Guard Avery Bradley starts across Turner in the backcourt, shooting mostly three-pointers and jumpers, struggling with both lately. Bradley sometimes gets into the paint but isn't a great finisher and doesn't create much offense for teammates.

Forward Jae Crowder has found his way into the starting lineup for Bradley, and he's capitalized on his increased minutes recently by hitting 55 percent of his shots the last five games. Crowder's best shooting comes from the midrange, but he can also score inside.

Perhaps no other Celtic has seized the opportunity for an uptick in minutes the way power forward Jared Sullinger has the last few weeks. His production on the glass has been solid and his occasional work in the paint has gone well recently, but Sullinger's increased shot attempts haven't translated to more made jumpers or three-pointers, as he's 28.6 percent from deep the last five games on over four attempts per night. Center Tyler Zeller is an underrated rim protector defensively and has been a bright spot for the team amidst all the roster turmoil, but his offense hasn't quite been there even though he rarely strays from the key.

The Celtics most efficient production comes off the bench, with forward Brandon Bass hitting half his shots the last five games and scoring a dozen points a night in that span. Reserve center Kelly Olynyk is putting up similar numbers and doing most of his damage inside, while Bass steps out for jumpers more often. Rookie guard Marcus Smart shoots mostly threes and has canned over 40 percent of his attempts from outside the last several games, earning praise from his coach for developing his perimeter game this year.

Guard Marcus Thornton plays big minutes off the bench and can be a bulk scorer for Boston, his best shooting coming from deep right now. Guard Phil Pressey and forward Gerald Wallace have earned many DNP-CDs this season and are outside of the rotation at the moment. Prince suited up for Monday's loss to the Clippers, playing 19 minutes. Stevens seems likely to continue getting him playing time.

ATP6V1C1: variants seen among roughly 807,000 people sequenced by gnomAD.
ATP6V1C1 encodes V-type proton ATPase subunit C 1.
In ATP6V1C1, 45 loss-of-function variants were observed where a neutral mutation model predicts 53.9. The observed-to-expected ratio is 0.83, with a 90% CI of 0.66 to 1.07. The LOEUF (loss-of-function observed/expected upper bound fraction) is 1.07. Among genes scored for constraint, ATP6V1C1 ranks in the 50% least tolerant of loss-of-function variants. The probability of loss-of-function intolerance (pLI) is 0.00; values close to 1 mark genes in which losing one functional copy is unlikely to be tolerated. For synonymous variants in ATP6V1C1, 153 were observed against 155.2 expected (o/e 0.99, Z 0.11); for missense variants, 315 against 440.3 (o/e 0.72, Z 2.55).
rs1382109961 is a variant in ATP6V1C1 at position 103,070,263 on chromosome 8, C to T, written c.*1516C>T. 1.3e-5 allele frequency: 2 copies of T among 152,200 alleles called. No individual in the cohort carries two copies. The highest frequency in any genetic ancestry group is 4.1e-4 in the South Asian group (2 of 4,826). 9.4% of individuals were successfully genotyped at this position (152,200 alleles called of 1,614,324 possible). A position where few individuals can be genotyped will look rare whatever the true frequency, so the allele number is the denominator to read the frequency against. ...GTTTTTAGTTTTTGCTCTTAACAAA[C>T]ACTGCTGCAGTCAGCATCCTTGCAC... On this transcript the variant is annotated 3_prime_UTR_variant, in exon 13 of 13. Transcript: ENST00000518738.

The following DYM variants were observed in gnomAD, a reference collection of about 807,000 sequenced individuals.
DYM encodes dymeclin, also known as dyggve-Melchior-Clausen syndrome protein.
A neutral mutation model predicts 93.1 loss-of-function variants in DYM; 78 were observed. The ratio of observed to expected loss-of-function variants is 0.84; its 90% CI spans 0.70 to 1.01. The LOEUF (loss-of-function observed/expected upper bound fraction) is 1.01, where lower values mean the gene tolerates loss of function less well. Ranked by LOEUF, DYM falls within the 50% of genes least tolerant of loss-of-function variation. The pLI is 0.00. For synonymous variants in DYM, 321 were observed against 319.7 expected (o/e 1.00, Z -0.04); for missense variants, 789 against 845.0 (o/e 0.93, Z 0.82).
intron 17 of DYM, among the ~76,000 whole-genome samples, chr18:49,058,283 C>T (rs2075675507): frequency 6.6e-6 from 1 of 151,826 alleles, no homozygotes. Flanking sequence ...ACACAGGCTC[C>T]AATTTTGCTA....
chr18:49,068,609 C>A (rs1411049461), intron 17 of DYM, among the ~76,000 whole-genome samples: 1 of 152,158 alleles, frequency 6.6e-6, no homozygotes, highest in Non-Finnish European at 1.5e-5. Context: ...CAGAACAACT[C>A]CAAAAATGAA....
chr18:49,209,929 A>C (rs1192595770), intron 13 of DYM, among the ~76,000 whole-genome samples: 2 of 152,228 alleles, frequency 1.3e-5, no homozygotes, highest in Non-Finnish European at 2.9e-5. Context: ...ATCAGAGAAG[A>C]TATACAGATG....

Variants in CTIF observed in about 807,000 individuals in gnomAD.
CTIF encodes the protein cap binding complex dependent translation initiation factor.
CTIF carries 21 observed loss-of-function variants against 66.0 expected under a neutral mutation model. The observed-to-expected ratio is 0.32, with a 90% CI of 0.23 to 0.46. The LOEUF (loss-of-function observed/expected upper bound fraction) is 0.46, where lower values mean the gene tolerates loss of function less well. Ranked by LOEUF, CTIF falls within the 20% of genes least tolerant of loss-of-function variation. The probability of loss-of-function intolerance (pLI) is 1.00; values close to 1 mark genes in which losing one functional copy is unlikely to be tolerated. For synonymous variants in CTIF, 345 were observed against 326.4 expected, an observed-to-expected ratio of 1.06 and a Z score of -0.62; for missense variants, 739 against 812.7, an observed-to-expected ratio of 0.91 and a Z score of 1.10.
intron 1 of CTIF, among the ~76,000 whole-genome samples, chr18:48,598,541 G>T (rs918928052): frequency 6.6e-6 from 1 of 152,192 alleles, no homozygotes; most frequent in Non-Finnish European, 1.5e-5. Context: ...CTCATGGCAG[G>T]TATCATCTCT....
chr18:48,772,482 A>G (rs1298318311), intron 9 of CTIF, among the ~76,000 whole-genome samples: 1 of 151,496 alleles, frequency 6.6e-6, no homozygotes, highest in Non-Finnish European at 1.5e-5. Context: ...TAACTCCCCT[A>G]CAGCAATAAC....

Boston's Achilles' heel right now is its young, inconsistent defense. Smart is active on that end and plays excellent perimeter D, but his teammates can't mimic his efforts and the Celtics have the worst Defensive Rating in the league over the last five games, according to NBA.com. They allow plenty of points and assists, giving up a league-worst 42.5 percent from deep in that span.

The Blazers bombed their way to 40.6 percent shooting from deep last night against the Suns, making 13 of their 32 long-range attempts, and you can expect more of that tonight against an undisciplined Boston defense. All five of Portland's starters scored at least 14 points in Phoenix, and the predictable issue was a distinct lack of bench production as the reserves shot a combined 4-for-14 from the field.

Blazers point guard Damian Lillard finished 6-of-22 overall and 2-of-10 from outside last night as the leading man in Stotts' offense. His six assists were promising, but five turnovers could be concerning, especially with a defender like Smart in line for big minutes opposite Lillard in the backcourt. He'll need to get used to his offense being more and more difficult to find as opposing teams can gameplan to slow him down in the absence of Aldridge. Stotts may opt to play Lillard off the ball with reserve point guard Steve Blake --who struggled last night in 10 minutes -- running the show a little more often in order to find the All-Star point guard better shots.